Design Lead Ben “DrOctothorpe” Schneider has a meaty design blog out for Lord of the Rings
players anxiously awaiting the launch of Update 18: The Battle of Pelennor Fields
Schneider says Turbine has never tackled any battle so huge and momentous as Pelennor Fields itself, which won’t surprise anyone who’s seen Return of the King and held her breath while the dust of the battle clears. The team first considered porting it into a massive instance or epic battle but ultimately put together its very own crack team to turn the battle into a technically challenging web of instances, hubs, quests, and cinematics.
“Starting with the Ride of the Rohirrim, the player (that’s you) would traverse five key areas of the battle, each at a different stage of the day,” he explains. “Epic instances would by-and-large bridge these moments. An instance cluster would be called out at branch-off points where appropriate (as well as in the Instance Finder, of course). And in-between, we would render the raging battlefield from the soldier’s-eye-view, after a fashion never before seen in Lord of the Rings Online.”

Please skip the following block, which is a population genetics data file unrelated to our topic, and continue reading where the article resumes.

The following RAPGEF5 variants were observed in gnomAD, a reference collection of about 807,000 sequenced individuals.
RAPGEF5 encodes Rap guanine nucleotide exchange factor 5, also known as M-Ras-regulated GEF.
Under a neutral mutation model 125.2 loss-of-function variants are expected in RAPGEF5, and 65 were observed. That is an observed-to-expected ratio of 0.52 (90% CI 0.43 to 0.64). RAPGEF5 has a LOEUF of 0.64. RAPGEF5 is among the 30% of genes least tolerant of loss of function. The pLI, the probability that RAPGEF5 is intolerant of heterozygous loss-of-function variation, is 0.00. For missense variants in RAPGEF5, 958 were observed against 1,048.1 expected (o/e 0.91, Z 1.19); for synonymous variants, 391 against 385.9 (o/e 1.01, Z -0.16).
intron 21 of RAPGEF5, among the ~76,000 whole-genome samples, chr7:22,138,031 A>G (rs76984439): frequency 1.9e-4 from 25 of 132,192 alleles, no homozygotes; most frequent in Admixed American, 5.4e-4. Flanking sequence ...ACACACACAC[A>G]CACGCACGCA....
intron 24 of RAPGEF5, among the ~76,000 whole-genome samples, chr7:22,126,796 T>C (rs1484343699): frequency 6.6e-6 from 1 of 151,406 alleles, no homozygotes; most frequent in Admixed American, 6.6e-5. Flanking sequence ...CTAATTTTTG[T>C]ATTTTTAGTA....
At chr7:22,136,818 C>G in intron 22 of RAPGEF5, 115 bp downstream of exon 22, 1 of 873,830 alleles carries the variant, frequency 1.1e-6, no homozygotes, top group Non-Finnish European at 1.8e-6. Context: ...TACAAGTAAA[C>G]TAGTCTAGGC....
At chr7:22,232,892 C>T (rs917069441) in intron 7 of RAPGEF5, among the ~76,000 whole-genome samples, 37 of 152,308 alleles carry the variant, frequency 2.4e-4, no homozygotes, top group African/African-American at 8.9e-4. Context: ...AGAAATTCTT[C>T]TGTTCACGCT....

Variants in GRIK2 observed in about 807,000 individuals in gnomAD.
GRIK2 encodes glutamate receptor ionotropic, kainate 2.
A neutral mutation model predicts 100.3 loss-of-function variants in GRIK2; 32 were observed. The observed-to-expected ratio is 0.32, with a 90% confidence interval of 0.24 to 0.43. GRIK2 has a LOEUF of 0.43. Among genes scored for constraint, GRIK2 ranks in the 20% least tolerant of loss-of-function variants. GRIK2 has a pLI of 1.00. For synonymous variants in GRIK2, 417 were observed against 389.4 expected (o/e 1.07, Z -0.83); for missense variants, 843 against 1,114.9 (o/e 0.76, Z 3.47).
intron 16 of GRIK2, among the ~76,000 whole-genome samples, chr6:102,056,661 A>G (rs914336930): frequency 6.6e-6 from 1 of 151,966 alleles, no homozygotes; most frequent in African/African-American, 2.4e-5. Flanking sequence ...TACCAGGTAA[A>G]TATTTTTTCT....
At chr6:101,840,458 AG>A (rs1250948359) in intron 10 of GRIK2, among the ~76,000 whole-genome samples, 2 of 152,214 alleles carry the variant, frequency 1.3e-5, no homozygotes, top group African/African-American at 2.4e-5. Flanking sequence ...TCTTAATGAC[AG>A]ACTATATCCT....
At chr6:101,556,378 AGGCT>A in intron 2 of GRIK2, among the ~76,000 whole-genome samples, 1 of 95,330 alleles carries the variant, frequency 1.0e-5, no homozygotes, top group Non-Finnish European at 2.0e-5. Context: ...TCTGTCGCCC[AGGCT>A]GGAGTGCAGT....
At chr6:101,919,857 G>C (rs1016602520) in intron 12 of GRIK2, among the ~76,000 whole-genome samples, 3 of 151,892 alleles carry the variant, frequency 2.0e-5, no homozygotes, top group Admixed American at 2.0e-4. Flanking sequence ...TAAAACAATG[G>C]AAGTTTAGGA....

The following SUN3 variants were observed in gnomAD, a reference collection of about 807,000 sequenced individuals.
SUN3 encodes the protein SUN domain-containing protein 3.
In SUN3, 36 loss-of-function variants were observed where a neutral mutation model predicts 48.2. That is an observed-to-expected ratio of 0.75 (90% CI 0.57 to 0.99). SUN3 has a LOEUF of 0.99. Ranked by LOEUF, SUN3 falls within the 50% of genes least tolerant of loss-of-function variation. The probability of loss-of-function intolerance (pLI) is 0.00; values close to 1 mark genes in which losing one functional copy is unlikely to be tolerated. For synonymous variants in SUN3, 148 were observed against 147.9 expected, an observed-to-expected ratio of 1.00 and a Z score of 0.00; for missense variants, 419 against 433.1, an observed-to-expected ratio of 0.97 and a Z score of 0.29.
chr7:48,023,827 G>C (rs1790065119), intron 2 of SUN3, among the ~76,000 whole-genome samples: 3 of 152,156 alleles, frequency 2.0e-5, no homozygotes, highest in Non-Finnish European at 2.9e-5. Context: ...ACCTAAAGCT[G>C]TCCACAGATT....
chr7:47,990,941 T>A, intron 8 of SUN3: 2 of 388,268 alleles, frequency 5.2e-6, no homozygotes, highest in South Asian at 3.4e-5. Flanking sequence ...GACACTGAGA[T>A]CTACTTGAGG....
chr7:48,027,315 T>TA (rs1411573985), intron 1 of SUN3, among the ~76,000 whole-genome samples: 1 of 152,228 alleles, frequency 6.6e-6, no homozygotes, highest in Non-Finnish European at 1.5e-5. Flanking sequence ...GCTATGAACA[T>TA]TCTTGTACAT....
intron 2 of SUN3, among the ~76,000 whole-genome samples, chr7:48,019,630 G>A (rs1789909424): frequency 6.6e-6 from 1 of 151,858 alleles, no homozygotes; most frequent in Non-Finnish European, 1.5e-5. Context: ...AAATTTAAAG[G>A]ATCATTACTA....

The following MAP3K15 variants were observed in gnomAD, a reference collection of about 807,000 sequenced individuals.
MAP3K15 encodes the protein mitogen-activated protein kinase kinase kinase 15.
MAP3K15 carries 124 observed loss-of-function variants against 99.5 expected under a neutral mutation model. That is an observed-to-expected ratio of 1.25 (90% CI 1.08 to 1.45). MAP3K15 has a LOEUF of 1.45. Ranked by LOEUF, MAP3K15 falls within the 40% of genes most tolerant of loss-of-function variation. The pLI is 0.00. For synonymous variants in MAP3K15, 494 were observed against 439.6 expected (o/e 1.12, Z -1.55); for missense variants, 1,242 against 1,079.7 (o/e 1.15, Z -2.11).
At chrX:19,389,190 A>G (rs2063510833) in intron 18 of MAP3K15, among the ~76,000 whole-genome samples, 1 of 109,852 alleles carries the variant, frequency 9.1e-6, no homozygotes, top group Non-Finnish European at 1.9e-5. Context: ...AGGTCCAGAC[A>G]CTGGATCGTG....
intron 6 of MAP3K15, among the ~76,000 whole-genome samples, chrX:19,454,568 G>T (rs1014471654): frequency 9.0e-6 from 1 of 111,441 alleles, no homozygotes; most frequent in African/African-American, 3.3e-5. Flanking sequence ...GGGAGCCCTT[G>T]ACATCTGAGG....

We’ve been covering the gradual reveals of the new souls (read: classes) coming to RIFT with Patch 3.6 this month, including the Runeshaper and the Maelstrom. Since every calling will be getting an additional soul in the $35 pack, Rogues might be wondering what they’ll be adding to their arsenal. Now we know: It’s the Shadeborn.
As you might expect with a Rogue soul, the Shadeborn does some serious DPS if played right. Its unique mechanic is applying a “Bond of Night” mark on a target that causes that mob to take damage whenever the Shadeborn deals pain to a second creature. Through this, the Shadeborn can effectively strike at two targets simultaneously, even if they’re separated on the battlefield.
The Shadeborn should be ideal to those who like the idea of harnessing the power of death, since the soul will be striking with shadows and all sorts of purply evil. Update 3.6: Celebration of the Ascended will be coming this week on April 16th.
What is Midgardsormr doing?